Court Filings Show NSO Group Ran Malware Attacks Through Servers Located In California
from the not-immune-from-its-own-carelessness dept
Things are getting even more interesting in Facebook’s lawsuit against Israeli malware merchant, NSO Group. Facebook was getting pretty tired of NSO using WhatsApp as an attack vector for malware delivery, which resulted in the company having to do a lot more upkeep to ensure users were protected when utilizing the app.
Unfortunately, Facebook wants a court to find that violating an app’s terms of service also violates the CFAA — something most of us really don’t want, even if it would keep NSO and its customers from exploiting messaging services to target criminals, terrorists… and, for some reason, lots of journalists, dissidents, and activists.
NSO finally responded to Facebook’s lawsuit by saying it could not be sued over the actions of its customers. Its customer base is mainly government agencies — including some especially sketchy governments. NSO claims all it does is sell the stuff. What the end users do with it is between the end users and their surveillance targets. Since its customers are governments, sovereign immunity applies… which would dead-end this lawsuit (wrong defendant) and any future lawsuits against governments by Facebook (the sovereign immunity).
NSO’s claims it can’t be touched by this lawsuit are falling apart. Citizen Lab researcher John Scott-Railton pointed out on Twitter that Facebook’s latest filings point to NSO operating its malware servers from inside the United States — apparently doing far more than simply selling malware to government customers and letting them handle the deployment details.
Facebook’s answer to NSO’s attempt to dismiss the lawsuit concedes NSO’s point: it is not its customers. But that’s precisely why it can be sued. From Facebook’s response [PDF]:
A flawed premise runs through the motion to dismiss (“MTD”). Defendants contend that they cannot be held responsible for designing and marketing spyware and then deploying it using WhatsApp’s U.S.-based servers, including in California, to hack into WhatsApp users’ devices. Instead, Defendants pin blame on unidentified foreign sovereigns. That argument fails at every turn: Defendants cannot cloak themselves in their putative clients’ immunity; they are accountable for suit in a California court; and the Complaint states valid claims for relief based on Defendants’ unauthorized access to and hijacking of WhatsApp’s servers.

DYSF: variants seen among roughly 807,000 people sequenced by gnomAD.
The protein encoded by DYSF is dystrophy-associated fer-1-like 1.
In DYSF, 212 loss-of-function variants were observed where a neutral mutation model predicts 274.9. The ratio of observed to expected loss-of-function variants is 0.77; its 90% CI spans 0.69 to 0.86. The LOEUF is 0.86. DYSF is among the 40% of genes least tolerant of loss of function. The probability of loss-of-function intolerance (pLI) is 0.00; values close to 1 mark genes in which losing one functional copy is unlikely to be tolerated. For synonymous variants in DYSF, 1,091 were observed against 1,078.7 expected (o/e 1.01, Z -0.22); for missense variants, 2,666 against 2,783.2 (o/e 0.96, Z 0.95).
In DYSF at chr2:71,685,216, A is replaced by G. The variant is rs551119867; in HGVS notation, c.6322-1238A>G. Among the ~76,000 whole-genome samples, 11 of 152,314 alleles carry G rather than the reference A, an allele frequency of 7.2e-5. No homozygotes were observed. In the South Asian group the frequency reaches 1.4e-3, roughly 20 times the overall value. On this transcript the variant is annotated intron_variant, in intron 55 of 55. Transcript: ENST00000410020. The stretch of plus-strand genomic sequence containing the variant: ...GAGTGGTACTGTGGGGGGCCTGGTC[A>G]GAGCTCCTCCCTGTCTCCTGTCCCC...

The statute confers immunity only on foreign states—not private companies who develop and operate their own technology and then claim to act on a foreign state’s behalf.
The claim that NSO Group operates from California (making this venue appropriate for the lawsuit) isn’t some distended stretch where malware briefly passed through WhatsApp servers in the US on its way to its targets. Declarations [PDF] by Facebook’s expert witnesses show NSO is routing malware deliveries through California data centers. This is only a small part of the list of IP addresses linked to NSO deployments Facebook has uncovered.
Attached as Exhibit 1 is a true and accurate screenshot from IP2Location.com obtained on April 22, 2020, for IP address 22.214.171.124. Exhibit 1 shows that IP address 126.96.36.199 is currently located in Los Angeles, California, and is owned by QuadraNet Enterprises LLC.